An Australian Bush Adventure Part II
S has an old trampoline out the back. I am not quite sure what exactly was happening here, but certainly there was lots of laughter and noise coming from the trampoline! Table tennis was another laughter-filled activity, but the kids moved WAY too fast for any of the photos to be usable!
I love the orange tree growing near the “shed”. The shed was built as a temporary home while S and her partner, D, built the VERY large mud brick house they planned to live in. They are still building this mud brick house, many years later and now live half in the house and half in the shed! S says, “Life gets in the way”.
S and D have four daughters and do live a very busy life! Clearly a lot of their time is spent travelling, given their location. In reality, they are not as isolated as it looks or sounds – it is only a 40 minute round trip to buy cigarettes! Some places in the Northern Territory or Western Australia are hours and hours from anywhere.
The sign beside the front door is a great reminder to always look on the best side of life!
X-Box, Playstation and such devices are not permitted in our house – so there was much fascination with games available on the TV! I commented to the boys that if THIS level of concentration was applied to homework, there would be A+ grades flying home at the speed of light!
None of my family are used to pets. I am told it is not common in Nigeria and that dogs, particularly, are something to be very wary of. All of my family are scared of dogs. They met Mel’s big dogs and managed to feel comfortable. Here were more dogs. It can be very hard to overcome fears long held. Yet here is Mum, an obedience instructor in a past life, who could call poor Jet and tell her to sit on command. Thankfully, S trains her dogs well! Once Miss O 1 saw that control could be achieved, she became friends with Jet. I did of course stress this does not mean you trust every dog in Australia. Trained to train dogs or not, I do not trust every dog I see – I’ve seen my share of bad ones in class over the years!
Meanwhile, outdoors the bees were drinking from the birdbath. I could have watched them for hours. Mr O Jnr 2 and I had a discussion about the importance of bees to the world and their place in the life cycle of plants and how they make honey in their homes.
The next bit of wildlife that arrived was, yes, THE SNAKE! S had taken a short trip to another property to drop off her youngest to a sleep-over party. On the way back she noticed a tiger snake, the victim of being in the wrong place at the wrong time. Knowing we were unlikely to see a snake around her property (thank goodness – being a Kiwi born I am not keen on snakes at the best of times myself) but also knowing seeing a snake would be a valuable learning experience for the children, S stopped and collected it. When she got back she left it in the car to check with me first whether she should bring it out for examination or not.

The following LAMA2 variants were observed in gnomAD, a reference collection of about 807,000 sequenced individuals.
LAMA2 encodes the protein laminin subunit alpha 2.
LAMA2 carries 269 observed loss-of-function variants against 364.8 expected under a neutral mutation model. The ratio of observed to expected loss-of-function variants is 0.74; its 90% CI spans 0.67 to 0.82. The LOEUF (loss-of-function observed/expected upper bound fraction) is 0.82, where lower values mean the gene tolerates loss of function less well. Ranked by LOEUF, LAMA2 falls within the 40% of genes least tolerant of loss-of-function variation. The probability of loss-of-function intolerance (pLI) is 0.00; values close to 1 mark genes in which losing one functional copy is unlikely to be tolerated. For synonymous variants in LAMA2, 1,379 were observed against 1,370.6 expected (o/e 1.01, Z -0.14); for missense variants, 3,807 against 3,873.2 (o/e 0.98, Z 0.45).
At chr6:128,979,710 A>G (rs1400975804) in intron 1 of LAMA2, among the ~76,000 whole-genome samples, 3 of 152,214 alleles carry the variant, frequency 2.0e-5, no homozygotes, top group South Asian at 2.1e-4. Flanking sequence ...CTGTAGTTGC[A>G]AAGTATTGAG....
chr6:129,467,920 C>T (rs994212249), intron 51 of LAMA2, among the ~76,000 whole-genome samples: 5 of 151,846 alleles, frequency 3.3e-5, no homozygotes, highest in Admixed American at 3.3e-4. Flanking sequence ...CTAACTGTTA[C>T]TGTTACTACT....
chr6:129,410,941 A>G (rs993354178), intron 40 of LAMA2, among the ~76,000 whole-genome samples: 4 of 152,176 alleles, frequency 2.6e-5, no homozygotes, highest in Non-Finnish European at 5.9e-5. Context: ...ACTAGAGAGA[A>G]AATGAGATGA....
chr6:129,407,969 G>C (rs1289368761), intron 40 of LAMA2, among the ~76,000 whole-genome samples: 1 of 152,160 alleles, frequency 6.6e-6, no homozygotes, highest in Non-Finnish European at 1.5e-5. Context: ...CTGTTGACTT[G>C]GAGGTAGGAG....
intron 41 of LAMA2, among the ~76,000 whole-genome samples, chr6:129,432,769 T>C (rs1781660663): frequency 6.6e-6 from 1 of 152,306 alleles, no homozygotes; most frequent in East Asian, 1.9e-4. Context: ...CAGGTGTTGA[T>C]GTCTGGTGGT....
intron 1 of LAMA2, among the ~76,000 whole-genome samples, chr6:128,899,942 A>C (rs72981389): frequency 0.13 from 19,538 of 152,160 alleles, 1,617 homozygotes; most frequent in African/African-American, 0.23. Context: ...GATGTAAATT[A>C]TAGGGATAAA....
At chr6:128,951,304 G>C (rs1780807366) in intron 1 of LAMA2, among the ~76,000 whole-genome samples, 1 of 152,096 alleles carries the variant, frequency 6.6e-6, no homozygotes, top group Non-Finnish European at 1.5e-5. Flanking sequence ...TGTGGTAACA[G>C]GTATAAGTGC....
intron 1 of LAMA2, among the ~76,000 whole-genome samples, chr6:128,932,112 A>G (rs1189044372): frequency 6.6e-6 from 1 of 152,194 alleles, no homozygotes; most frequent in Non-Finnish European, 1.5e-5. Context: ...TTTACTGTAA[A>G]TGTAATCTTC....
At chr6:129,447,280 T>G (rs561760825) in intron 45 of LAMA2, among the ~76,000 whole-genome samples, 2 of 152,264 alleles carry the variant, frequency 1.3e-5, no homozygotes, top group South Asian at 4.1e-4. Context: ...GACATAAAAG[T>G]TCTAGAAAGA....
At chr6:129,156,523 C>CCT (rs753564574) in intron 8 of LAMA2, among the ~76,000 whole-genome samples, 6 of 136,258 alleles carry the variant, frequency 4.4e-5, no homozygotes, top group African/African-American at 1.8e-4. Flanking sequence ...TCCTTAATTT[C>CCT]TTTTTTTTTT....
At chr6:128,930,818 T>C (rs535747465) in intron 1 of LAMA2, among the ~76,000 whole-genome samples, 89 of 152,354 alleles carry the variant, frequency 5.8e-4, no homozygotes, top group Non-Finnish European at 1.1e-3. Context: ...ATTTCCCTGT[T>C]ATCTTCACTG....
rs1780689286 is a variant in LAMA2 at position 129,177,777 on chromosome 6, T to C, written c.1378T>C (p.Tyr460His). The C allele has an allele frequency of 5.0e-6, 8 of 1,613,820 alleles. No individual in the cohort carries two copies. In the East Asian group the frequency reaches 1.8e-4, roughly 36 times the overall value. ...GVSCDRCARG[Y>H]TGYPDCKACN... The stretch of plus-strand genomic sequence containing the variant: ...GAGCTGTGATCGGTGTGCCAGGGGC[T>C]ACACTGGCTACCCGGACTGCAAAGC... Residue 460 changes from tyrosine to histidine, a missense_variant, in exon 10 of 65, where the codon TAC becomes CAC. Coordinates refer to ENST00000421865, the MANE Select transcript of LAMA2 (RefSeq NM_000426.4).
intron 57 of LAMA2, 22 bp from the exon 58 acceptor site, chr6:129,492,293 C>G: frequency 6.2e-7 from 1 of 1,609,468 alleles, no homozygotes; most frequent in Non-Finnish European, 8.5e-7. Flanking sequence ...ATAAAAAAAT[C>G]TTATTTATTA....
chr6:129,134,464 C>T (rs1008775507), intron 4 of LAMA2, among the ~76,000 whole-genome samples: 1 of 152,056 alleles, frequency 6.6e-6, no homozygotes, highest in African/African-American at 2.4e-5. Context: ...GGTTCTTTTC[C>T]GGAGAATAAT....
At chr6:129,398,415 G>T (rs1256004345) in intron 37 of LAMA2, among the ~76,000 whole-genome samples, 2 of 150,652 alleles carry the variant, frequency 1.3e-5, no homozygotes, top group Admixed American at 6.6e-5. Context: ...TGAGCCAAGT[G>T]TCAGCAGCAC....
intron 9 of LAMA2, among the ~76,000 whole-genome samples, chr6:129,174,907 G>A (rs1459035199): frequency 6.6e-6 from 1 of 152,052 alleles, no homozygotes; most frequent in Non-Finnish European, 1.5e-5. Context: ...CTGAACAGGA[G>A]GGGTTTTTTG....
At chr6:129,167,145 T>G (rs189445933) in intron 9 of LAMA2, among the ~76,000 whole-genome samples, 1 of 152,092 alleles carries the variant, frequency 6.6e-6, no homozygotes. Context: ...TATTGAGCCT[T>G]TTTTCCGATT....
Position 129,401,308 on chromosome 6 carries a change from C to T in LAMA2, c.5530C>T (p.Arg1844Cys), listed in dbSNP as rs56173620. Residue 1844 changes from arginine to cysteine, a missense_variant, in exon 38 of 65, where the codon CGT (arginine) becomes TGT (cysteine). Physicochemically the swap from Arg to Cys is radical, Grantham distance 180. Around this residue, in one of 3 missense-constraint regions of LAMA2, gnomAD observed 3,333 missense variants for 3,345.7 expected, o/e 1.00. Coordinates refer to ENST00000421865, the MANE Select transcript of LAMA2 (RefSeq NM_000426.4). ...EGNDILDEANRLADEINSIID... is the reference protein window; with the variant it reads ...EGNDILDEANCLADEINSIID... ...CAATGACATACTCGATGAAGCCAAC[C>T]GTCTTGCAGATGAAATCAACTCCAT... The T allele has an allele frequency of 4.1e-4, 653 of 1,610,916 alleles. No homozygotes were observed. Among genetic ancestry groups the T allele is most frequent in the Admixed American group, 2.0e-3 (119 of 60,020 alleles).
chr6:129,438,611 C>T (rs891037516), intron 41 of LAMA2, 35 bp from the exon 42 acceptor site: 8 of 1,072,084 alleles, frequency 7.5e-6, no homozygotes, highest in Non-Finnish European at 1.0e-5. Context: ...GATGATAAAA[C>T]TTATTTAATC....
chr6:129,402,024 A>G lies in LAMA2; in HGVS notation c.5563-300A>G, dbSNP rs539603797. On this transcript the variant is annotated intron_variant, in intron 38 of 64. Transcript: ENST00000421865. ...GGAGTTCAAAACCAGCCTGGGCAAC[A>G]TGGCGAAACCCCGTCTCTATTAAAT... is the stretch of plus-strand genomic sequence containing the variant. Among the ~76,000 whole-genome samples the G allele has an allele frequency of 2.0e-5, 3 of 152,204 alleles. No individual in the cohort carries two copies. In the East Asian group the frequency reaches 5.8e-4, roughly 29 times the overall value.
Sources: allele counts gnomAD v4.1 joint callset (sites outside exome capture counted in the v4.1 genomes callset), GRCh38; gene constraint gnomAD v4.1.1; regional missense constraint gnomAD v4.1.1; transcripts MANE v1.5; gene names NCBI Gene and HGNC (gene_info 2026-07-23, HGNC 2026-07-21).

Everyone was pretty interested – but from a VERY safe distance. I asked did anyone want a picture of themselves with the snake: no takers! Until I suggested such a picture might look pretty cool on Facebook! Mr O Jnr 1 stepped up to the plate and very warily held the snake at a safe distance!
Time enough, in fact for two shots. He looks a little less shocked in this picture.
During the morning walk we had hoped to see kangaroos in the wild. S says there is a mob who regularly visits, but we were a little late in the morning to see them by the time we walked.
At dusk, Mr O Jnr 2 spotted some in the distance. Really not a very good image as my digital camera isn’t up to covering this sort of distance, but we did see some. Miss O 2 wanted to know why they “walk on one leg”. I am glad no-one had a video camera to film me trying to demonstrate to Miss O 2 the natural movement of a kangaroo.
I then tried to stage a shot of tree-climbing – great Aussie pastime for all growing kids, right? Well, maybe not for all! The best I got was an aspiring Will Smith trying to look like a real kewl dude reclining enticingly on a branch.
Coming home Sunday morning I had to stop and take a shot of the canola crops growing everywhere. We saw many of these fields when we went to Anglesea but I didn’t stop. This time I did. I love the colour. Contrasted against the green of the bush and other crops, it really is a golden sea.
We had a great weekend and many thanks to S, D and the girls for allowing six people to invade their domain. There was lots of learning, for not only the children but for my husband and I. Given what we went through to be together, we didn’t have the opportunity to learn everything about each other while we were courting – but then, no couple does! A marriage is a journey and we continue to learn. One practical thing we learned is next time we travel for a weekend, we need to take the ablution kettles with us as not everyone has spare ablution equipment just lying around the place.
- An Australian Bush Adventure Part I (teamoyeniyi.com)